Foreclosures Returning to Pre-Housing Bust Levels
By Les Christie
The number of homes lost to foreclosure is closing in on levels not seen since before the housing meltdown. Foreclosure filings -- including notices of default, scheduled auctions and bank repossessions -- during the first quarter fell 23 percent from a year earlier, the lowest level since the second quarter of 2007. Last month, banks repossessed just under 44,000 homes, within striking distance of the pre-housing bust monthly average. At the height of the housing meltdown in September 2010, repossessions topped 100,000 a month.
"We're getting back to normal and will be there by next year," said Daren Blomquist, vice president at RealtyTrac. For the past couple of years, foreclosures have been on the decline as homeowners seek alternatives like short sales, in which they sell their home for less than what they owe and the bank agrees to forgive the difference. The deals are preferred by the banks over foreclosures and have less of a negative impact on consumers' credit scores.
But now even the need to turn to short sales is waning. These deals accounted for 10 percent of sales in February versus 14 percent a year earlier, according to the National Association of Realtors. Government initiatives, like the Home Affordable Modification Program and Home Affordable Refinance Program, have helped millions of borrowers avoid foreclosure. And last spring, under a $25 billion settlement deal with state and federal officials, the nation's largest mortgage lenders agreed to help struggling borrowers by lowering their mortgage rates, reducing their principal and other fixes. While there are still pockets of heavy foreclosure activity, the landscape of foreclosures is starting to look a lot like it did in the pre-bust years, said Blomquist.
A larger percentage of the nation's foreclosure activity is now occurring in areas suffering from severe economic problems, such as "Rust Belt" cities like Rockford, Ill., and Chicago, not in the recently-developed, mid-to-upper class neighborhoods of California, Florida and Arizona that were hit hardest when the housing bubble burst, he said. And many of the people who lose their homes now are dealing with a layoff or personal issue, such as a divorce, illness or death in the family. While during the housing bust, many people were forced to default because of plunging home prices and unaffordable mortgage terms.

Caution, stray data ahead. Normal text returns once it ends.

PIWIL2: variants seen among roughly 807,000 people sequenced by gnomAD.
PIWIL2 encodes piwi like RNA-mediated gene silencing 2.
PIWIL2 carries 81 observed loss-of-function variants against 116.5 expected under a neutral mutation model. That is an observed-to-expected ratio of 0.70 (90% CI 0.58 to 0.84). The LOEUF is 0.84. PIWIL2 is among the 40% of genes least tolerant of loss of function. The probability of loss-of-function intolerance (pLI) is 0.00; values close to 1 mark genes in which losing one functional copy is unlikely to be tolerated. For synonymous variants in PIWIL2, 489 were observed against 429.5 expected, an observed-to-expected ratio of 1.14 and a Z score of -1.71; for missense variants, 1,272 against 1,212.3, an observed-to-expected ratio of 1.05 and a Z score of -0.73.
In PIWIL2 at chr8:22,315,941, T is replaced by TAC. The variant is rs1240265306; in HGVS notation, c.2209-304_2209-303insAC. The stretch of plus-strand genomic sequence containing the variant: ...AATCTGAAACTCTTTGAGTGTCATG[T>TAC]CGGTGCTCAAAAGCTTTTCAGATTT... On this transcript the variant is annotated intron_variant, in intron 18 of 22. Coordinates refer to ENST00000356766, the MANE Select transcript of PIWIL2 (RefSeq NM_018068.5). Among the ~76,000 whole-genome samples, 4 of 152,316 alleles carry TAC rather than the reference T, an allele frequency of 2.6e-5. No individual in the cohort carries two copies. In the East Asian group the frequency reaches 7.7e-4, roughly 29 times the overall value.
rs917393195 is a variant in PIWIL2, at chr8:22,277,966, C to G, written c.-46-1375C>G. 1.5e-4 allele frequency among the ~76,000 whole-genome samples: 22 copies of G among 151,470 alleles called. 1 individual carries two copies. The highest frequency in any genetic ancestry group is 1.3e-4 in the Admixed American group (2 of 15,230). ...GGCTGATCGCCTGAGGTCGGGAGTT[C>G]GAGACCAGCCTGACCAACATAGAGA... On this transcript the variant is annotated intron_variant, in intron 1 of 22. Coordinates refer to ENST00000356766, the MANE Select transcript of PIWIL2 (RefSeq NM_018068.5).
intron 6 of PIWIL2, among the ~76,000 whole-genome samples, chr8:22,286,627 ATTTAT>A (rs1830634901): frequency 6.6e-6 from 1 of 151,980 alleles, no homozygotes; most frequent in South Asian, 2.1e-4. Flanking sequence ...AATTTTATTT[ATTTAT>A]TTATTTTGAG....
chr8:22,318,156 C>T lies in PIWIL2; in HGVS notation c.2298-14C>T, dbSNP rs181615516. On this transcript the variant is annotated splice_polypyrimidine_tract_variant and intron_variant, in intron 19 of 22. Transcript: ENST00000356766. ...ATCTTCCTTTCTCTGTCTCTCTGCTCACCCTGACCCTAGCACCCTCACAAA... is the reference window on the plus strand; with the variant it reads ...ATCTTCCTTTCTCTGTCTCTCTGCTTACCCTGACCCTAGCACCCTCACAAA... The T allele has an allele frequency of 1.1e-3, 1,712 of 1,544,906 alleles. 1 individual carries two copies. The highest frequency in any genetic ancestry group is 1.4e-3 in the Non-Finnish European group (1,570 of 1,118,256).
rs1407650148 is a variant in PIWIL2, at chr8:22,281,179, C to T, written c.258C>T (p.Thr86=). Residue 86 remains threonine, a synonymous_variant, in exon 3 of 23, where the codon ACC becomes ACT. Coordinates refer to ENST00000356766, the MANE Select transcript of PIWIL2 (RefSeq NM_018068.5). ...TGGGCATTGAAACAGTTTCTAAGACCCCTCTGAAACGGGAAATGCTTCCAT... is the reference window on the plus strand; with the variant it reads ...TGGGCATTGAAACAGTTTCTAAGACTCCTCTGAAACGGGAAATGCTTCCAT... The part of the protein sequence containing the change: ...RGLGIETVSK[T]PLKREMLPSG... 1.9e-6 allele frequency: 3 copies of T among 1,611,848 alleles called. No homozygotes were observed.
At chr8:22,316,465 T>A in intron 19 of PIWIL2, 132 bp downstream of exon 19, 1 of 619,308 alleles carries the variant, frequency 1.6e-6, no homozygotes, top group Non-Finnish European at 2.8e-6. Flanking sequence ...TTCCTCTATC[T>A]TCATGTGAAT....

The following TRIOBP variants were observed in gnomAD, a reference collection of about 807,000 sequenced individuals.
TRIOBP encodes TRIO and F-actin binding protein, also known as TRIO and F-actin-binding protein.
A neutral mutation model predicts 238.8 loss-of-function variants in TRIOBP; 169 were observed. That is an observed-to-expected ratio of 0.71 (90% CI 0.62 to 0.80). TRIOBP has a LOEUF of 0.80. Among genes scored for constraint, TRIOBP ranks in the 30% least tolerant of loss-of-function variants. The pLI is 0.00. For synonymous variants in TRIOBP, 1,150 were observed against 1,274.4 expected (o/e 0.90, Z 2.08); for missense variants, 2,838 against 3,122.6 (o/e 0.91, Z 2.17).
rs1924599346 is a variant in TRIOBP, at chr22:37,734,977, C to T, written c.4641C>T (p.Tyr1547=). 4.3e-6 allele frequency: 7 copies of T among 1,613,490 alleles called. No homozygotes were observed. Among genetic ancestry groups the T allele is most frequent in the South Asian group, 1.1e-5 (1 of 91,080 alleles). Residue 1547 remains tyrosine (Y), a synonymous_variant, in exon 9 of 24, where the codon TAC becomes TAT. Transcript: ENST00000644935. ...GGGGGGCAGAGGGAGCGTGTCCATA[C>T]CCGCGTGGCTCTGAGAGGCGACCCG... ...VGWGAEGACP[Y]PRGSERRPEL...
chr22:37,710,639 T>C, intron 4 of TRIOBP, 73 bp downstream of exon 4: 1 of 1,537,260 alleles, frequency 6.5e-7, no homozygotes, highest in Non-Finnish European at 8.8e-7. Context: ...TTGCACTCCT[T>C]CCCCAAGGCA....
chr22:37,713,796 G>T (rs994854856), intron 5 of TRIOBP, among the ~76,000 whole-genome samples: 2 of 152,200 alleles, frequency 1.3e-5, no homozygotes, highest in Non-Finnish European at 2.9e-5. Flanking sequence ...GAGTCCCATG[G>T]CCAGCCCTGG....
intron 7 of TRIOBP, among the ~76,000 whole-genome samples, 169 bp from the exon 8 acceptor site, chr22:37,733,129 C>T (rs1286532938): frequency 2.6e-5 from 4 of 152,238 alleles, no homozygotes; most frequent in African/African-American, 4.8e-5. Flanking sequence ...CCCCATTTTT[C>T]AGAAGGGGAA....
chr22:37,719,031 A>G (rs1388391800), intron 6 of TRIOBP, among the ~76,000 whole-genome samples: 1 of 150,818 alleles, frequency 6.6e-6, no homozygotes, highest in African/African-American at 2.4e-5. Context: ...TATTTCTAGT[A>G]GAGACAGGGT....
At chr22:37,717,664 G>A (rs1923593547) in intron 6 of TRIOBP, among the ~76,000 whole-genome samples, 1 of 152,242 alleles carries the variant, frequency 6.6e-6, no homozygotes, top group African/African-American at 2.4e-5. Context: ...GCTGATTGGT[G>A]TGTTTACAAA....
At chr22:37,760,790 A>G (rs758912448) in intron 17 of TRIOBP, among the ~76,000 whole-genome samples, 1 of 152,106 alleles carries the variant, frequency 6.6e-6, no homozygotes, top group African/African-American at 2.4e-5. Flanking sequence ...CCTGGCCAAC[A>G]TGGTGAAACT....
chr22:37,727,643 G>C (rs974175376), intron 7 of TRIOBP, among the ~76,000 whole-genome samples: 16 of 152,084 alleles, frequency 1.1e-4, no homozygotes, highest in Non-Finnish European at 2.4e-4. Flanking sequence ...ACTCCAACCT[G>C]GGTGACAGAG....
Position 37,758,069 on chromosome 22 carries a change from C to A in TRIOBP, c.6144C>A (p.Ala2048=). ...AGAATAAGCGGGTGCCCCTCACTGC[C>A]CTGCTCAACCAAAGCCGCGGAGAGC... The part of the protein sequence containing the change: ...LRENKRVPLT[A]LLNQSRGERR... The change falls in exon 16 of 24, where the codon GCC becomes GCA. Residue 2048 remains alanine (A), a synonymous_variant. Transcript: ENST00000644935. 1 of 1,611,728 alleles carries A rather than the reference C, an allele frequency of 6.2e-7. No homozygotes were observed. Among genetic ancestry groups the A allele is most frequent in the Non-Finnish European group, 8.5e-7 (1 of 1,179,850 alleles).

"The biggest chunk of bank repossessions were in newer homes," said Blomquist. "That's now shifting back toward older, lower-value homes that are more likely to be in poor condition." Now the newer homes that were in distress are either being bought up in short sales or regaining some value as home prices rise so they don't reach the bank repossession stage. Beaten-up older places in blighted communities are not as attractive to buyers and more easily go all the way through the foreclosure process.
Still, there are some states that are still struggling with a backlog of foreclosures like Florida, Illinois and Georgia, all states where courts oversee foreclosures. Florida had more than twice as many bank repossessions as any other state in March -- nearly 7,600. Illinois, with more than 3,500, was second and Georgia, with 3,350, was third. With prices expected to continue to rise -- they were up more than 8 percent year-over-year in January -- the number of short sales should continue to fall, and so should foreclosures, according to Blomquist.
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